Playing Your PC Poorly

Dungeons & Dragons is often about the increasing power of heroes who start out capable and get stronger from there. But it wasn't always that way.

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Picture courtesy of Pixabay.

Welcome to the Meat Grinder

Characters in earlier versions of Dungeons & Dragons had ability scores that were rolled randomly. Players could select where the statistics went, but a poor score would inevitably bedevil starting characters, which certainly contributed to their likely death against frequently overwhelming odds.

Advanced Dungeons & Dragons' restrictive requirements for certain classes like paladins required minimum ability scores, so if a player wanted to play a certain class they had to get lucky with their rolls. To get around this, players would roll over and over until they got the right combination of scores to succeed. Eventually, programs were created to mass generate these types of scores. And that led to point buy systems, where the player would just pick scores and not leave anything to chance.

This change meant that players started out more capable than they did in the past. And that changed how players role-played their characters.

Playing a Loser

It was rare in the AD&D days to put too much effort into a new character who might die anyway. Instead, role-play emerged from characters as they leveled up. Once they reached a high enough level to be raised from the dead if they died, players got more comfortable investing in their characters by role-playing them. Additionally, role-play came about from the character's longevity. They didn't have in-depth backstories because the character wasn't fully formed until the player played them for a while.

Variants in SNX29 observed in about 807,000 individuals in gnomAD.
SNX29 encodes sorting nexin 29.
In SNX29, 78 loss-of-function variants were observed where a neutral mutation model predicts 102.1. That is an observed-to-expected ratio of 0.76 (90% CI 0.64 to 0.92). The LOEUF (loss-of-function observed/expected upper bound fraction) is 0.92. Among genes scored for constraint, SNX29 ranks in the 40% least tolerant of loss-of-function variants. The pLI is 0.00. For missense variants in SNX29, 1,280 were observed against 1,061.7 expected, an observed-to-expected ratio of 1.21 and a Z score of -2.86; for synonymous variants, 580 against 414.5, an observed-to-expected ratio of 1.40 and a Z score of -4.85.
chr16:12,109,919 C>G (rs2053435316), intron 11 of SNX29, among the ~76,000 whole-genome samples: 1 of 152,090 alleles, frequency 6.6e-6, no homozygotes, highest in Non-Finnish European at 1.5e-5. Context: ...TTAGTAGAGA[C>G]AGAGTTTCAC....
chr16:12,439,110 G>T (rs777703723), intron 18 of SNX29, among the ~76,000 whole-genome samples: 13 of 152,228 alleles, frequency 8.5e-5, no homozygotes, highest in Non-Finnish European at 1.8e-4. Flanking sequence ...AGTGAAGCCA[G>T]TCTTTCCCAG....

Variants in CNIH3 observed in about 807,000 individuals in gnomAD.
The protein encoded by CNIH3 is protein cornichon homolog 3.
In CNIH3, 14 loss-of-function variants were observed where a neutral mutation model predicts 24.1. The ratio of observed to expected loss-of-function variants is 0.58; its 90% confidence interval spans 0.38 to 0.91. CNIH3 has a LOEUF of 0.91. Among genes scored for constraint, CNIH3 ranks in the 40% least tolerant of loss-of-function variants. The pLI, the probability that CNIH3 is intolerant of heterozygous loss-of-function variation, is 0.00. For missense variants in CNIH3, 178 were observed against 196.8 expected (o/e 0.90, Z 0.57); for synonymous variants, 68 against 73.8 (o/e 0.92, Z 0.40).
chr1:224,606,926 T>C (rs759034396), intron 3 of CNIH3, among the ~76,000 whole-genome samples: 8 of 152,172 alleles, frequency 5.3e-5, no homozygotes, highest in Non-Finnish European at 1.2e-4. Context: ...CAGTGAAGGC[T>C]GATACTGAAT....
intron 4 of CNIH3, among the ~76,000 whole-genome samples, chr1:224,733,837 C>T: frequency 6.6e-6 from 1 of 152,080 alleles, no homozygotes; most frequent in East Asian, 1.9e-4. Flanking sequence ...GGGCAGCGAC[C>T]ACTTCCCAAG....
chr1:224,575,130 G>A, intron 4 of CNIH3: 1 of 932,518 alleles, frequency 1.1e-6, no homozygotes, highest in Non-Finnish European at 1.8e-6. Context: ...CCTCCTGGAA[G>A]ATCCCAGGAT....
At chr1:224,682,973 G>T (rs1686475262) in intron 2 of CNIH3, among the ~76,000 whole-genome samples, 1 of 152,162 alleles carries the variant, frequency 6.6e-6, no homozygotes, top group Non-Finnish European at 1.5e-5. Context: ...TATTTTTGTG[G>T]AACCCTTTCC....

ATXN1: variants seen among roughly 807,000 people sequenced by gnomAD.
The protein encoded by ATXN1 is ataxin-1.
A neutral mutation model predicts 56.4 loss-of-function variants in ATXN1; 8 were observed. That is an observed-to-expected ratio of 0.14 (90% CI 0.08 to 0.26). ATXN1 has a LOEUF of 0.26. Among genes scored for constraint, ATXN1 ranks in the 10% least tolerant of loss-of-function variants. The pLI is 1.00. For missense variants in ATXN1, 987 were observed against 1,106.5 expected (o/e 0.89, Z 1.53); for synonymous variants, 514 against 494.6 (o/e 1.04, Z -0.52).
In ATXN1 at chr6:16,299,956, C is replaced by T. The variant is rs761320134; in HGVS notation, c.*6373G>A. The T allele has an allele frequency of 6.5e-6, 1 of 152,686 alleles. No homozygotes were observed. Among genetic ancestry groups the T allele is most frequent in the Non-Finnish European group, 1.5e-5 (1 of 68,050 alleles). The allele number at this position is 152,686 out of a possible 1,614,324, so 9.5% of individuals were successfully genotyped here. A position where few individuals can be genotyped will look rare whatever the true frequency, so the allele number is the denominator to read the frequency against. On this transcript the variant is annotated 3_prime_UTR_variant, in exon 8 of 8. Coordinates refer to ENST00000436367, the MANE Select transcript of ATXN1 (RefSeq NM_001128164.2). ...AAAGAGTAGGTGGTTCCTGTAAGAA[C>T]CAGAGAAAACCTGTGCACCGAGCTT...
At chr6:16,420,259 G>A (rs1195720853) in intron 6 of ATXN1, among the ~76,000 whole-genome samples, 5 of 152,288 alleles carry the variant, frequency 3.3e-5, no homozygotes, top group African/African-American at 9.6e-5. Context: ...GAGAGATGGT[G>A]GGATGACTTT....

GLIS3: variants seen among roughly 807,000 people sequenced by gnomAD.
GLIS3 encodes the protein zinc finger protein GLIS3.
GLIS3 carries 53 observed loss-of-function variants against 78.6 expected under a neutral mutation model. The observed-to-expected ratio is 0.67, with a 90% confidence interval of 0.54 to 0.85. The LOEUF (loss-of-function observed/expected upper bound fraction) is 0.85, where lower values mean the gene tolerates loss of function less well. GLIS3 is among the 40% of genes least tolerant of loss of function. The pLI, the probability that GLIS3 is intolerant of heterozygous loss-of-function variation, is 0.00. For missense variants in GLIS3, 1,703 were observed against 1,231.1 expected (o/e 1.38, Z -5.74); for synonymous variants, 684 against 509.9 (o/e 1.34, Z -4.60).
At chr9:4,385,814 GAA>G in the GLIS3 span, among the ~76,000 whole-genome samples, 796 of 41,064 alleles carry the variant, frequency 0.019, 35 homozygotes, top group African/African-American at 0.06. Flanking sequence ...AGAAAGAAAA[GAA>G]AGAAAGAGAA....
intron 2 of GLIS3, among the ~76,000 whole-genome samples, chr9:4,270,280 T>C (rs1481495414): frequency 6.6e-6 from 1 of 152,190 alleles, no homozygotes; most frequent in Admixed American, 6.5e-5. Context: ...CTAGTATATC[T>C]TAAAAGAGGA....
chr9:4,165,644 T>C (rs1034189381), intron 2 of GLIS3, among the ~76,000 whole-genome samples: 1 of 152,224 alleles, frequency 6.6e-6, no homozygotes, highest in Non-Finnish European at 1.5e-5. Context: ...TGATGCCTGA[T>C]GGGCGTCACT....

This is where early Call of Cthulhu branched off from traditional D&D. Call of Cthulhu ability scores were originally similar to D&D's, but rather than fight the vulnerabilities of characters, Call of Cthulhu embraced them. Weakness was a virtue, and heroism was role-played rather than being built into the character. It's not uncommon to find characters with stats of 6 or lower in early adventures for the game.

My ill-fated D20 Modern/Call of Cthulhu game was a perfect example of the collision between expectations ("I'm a hero, I should feel like it!") vs. the game's setting ("you are insignificant and you can only hope to die heroically"). Of all my players in that game, only my brother ever role-played his character Hank as being actually frightened of things. He enjoyed role-playing Hank's terror, running screaming at the slightest provocation; the rest of the party would roll their eyes and have to rescue him. That vulnerability made for a great horror game.